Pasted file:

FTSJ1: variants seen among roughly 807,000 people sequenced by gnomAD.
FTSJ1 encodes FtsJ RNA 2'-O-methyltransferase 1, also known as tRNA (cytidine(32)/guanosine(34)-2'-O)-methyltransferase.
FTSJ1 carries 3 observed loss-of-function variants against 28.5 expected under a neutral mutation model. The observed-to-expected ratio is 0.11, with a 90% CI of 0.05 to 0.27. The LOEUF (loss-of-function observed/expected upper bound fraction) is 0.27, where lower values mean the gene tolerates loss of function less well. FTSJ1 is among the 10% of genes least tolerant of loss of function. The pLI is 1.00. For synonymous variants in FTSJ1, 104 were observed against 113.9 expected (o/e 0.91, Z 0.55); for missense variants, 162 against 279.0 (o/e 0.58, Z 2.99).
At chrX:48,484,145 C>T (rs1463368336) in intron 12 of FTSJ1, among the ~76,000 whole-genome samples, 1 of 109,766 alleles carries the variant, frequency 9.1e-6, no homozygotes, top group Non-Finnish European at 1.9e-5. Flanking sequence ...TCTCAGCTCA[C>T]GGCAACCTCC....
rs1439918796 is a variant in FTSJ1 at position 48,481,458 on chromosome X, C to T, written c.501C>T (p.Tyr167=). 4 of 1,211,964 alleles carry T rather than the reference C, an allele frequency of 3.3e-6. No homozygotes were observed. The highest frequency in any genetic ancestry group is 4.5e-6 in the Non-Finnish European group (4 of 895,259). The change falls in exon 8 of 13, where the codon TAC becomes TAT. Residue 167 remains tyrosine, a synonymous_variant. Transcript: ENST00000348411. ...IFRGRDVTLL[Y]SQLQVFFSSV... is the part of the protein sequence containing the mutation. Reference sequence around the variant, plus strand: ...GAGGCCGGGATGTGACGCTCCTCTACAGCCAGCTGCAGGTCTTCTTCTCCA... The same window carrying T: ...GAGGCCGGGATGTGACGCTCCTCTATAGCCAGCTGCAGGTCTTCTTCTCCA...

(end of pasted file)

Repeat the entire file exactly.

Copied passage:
FTSJ1: variants seen among roughly 807,000 people sequenced by gnomAD.
FTSJ1 encodes FtsJ RNA 2'-O-methyltransferase 1, also known as tRNA (cytidine(32)/guanosine(34)-2'-O)-methyltransferase.
FTSJ1 carries 3 observed loss-of-function variants against 28.5 expected under a neutral mutation model. The observed-to-expected ratio is 0.11, with a 90% CI of 0.05 to 0.27. The LOEUF (loss-of-function observed/expected upper bound fraction) is 0.27, where lower values mean the gene tolerates loss of function less well. FTSJ1 is among the 10% of genes least tolerant of loss of function. The pLI is 1.00. For synonymous variants in FTSJ1, 104 were observed against 113.9 expected (o/e 0.91, Z 0.55); for missense variants, 162 against 279.0 (o/e 0.58, Z 2.99).
At chrX:48,484,145 C>T (rs1463368336) in intron 12 of FTSJ1, among the ~76,000 whole-genome samples, 1 of 109,766 alleles carries the variant, frequency 9.1e-6, no homozygotes, top group Non-Finnish European at 1.9e-5. Flanking sequence ...TCTCAGCTCA[C>T]GGCAACCTCC....
rs1439918796 is a variant in FTSJ1 at position 48,481,458 on chromosome X, C to T, written c.501C>T (p.Tyr167=). 4 of 1,211,964 alleles carry T rather than the reference C, an allele frequency of 3.3e-6. No homozygotes were observed. The highest frequency in any genetic ancestry group is 4.5e-6 in the Non-Finnish European group (4 of 895,259). The change falls in exon 8 of 13, where the codon TAC becomes TAT. Residue 167 remains tyrosine, a synonymous_variant. Transcript: ENST00000348411. ...IFRGRDVTLL[Y]SQLQVFFSSV... is the part of the protein sequence containing the mutation. Reference sequence around the variant, plus strand: ...GAGGCCGGGATGTGACGCTCCTCTACAGCCAGCTGCAGGTCTTCTTCTCCA... The same window carrying T: ...GAGGCCGGGATGTGACGCTCCTCTATAGCCAGCTGCAGGTCTTCTTCTCCA...